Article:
- ABOUT US
Megan Rossman, Associate Editor
Photo by JOHN JERNIGAN
Best of the Best
By Megan Rossman
May 31, 2012
Since I’ve been working at Oklahoma Today, it has been my pleasure to read, find and assign photos for, and edit loads of good stories. Below are a few that stand out in my memory from the last few years. You can find these in PDF format on the Oklahoma Today online archives.
The Weather Issue (May/June 2005) - Okay, so it’s a whole issue, but I love everything about it. Some people thought it was scary, but Oklahoma Today kept it real, embracing the state’s weather for better or worse. An article by Chad Love breaks down Oklahoma weather, season by season, explaining the region-specific reasons for summer heat and twisters. Plus, there’s a storm portfolio and a ton of other weather-related tidbits.
“Winged Glory” (July/August 2005) - After this story was published, a reader wrote in to tell us that it was the best story she had ever read. I can’t recall higher praise for a story in the magazine. This overview of migratory birds in Oklahoma by Chad Love manages to be as poetic as it is educational. Illustrations by George Miksch Sutton and lots of photos make it pretty to look at.
“Pest in Show” (September/October 2006) - If you’ve never read anything by Gordon Grice, it’s about time. Try this informative and highly entertaining essay he wrote for Oklahoma Today about the venomous harvester ant with the painful bite. Added bonus: Beautiful illustrations by Norman artist Debby Kaspari. If you like that, pick up Deadly Kingdom: The Book of Dangerous Animals, written by Grice, who is a native of Guymon.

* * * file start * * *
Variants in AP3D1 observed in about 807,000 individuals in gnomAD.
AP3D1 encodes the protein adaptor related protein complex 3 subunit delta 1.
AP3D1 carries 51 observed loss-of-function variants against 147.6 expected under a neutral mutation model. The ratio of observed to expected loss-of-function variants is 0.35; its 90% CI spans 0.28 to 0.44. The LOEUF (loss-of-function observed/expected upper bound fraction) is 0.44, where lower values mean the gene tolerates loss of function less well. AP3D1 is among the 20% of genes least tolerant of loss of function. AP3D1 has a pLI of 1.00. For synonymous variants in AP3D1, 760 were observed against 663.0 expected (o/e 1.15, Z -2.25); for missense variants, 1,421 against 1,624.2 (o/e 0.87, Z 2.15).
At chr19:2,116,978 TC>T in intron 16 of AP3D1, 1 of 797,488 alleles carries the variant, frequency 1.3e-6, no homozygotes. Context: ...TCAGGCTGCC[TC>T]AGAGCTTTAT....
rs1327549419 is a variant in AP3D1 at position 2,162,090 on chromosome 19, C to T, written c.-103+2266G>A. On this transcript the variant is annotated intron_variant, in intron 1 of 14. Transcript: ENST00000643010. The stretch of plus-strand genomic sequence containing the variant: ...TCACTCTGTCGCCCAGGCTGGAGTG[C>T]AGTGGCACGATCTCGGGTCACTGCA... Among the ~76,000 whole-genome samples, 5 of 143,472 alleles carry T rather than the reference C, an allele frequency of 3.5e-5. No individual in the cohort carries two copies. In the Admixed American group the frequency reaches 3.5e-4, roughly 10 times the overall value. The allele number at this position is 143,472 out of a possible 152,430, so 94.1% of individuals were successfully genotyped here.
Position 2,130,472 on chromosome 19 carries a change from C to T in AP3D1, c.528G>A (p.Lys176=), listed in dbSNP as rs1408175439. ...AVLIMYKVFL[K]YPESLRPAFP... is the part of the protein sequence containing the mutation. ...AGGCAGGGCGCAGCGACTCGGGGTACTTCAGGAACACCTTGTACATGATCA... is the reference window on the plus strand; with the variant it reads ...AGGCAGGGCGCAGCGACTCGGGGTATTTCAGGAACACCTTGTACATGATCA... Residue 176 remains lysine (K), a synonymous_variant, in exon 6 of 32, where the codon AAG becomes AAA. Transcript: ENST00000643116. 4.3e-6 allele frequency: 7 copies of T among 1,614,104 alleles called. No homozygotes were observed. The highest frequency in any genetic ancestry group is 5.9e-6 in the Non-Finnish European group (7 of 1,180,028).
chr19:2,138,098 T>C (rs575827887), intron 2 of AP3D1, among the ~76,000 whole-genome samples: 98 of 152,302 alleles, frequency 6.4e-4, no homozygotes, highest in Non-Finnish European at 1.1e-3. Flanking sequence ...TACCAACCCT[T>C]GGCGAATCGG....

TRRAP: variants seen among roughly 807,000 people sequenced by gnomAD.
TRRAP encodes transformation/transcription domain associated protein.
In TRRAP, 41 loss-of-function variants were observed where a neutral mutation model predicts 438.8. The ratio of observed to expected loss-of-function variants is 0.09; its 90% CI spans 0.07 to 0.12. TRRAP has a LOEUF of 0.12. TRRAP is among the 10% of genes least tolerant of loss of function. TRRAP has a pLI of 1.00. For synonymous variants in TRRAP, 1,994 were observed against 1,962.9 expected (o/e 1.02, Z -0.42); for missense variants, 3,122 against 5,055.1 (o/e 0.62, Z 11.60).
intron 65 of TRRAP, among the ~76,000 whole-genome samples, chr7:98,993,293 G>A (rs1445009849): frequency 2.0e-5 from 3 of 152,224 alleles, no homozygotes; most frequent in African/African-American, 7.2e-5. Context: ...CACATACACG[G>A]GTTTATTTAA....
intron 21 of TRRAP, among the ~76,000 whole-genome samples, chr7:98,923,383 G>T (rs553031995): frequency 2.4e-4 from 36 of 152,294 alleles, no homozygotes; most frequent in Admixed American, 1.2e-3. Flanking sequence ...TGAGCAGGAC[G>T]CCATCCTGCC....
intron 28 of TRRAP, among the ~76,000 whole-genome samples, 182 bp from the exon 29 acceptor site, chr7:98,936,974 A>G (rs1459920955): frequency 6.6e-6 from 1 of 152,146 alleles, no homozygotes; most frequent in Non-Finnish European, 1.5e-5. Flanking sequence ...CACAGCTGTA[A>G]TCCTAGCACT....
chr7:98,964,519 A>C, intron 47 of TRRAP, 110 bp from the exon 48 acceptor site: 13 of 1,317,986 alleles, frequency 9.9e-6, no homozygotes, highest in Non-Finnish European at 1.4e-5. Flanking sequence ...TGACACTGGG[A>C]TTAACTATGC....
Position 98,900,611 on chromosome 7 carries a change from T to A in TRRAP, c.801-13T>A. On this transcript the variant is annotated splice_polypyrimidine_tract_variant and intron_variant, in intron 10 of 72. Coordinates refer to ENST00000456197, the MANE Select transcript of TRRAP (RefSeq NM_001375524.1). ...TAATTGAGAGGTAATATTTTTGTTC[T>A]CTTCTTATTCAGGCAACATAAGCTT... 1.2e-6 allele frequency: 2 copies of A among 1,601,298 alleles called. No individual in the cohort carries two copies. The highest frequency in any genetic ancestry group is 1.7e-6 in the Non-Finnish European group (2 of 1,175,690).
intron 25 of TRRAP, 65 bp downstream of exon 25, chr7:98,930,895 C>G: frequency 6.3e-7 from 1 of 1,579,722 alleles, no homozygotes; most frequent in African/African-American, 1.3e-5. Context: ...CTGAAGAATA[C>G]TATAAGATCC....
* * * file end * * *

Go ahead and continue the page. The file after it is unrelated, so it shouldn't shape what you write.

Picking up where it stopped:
“Locust Pocus” (January/February 2007) - “For those of us who fully comprehend the breath-stealing essence of Oklahoma in August, those cicada-locusts comprise a significant sound.” If you’re among those that fully comprehend that sound, Mary Logan Wolf’s eloquent essay will resonate.
“Beautiful Minds: 46 Greatest Thinkers in Oklahoma History” (September/October 2007) – I remember this story being a little bit of a nightmare to put together. The process of finding forty-six decent photos of people, many deceased and not often photographed while living, was an undertaking. I’m sure the writing, factchecking, and editing process was no piece of cake, either. The end result, however, was worth the trouble. The black and white full-page photo of forensic anthropologist Clyde Snow remains a favorite of mine, and I often re-read the entries, which cover a range of notable Oklahomans, from civil rights activist Clara Luper to Tulsa philanthropist and oil titan George Kaiser.
“Full Circle” and “High Pie” (September/October 2010) – These stories both are about the best pizza places in Oklahoma. If you feel like I feel, that’s all you need to know.
“Warrior in Two Worlds” (May/June 2011) - I was given the task of factchecking this story, a tedious duty I did not seek but nonetheless performed. I read one biography and large portions of two more books and called then-Fort Sill Museum director and curator Towana Spivey (I wrote a story about Towana for our upcoming issue, check it out!) at least fifteen times and emailed him just as many to verify names, dates, and every bit of minutia imaginable. It turned out to be probably the most interesting bit of factchecking I ever did. Born near Lawton and buried at Fort Sill, Parker spent many years generally being a fearsome warrior throughout Comancheria before his band, the Quahadi, were forced by sickness and famine to surrender at Fort Sill in 1875. He spent the next three decades as a statesman and advocate for his people. The paintings by Nocona Burgess, great-great grandson of Quanah Parker, and historic photos set a vivid frame for Jim Logan’s wonderful story, his first for Oklahoma Today.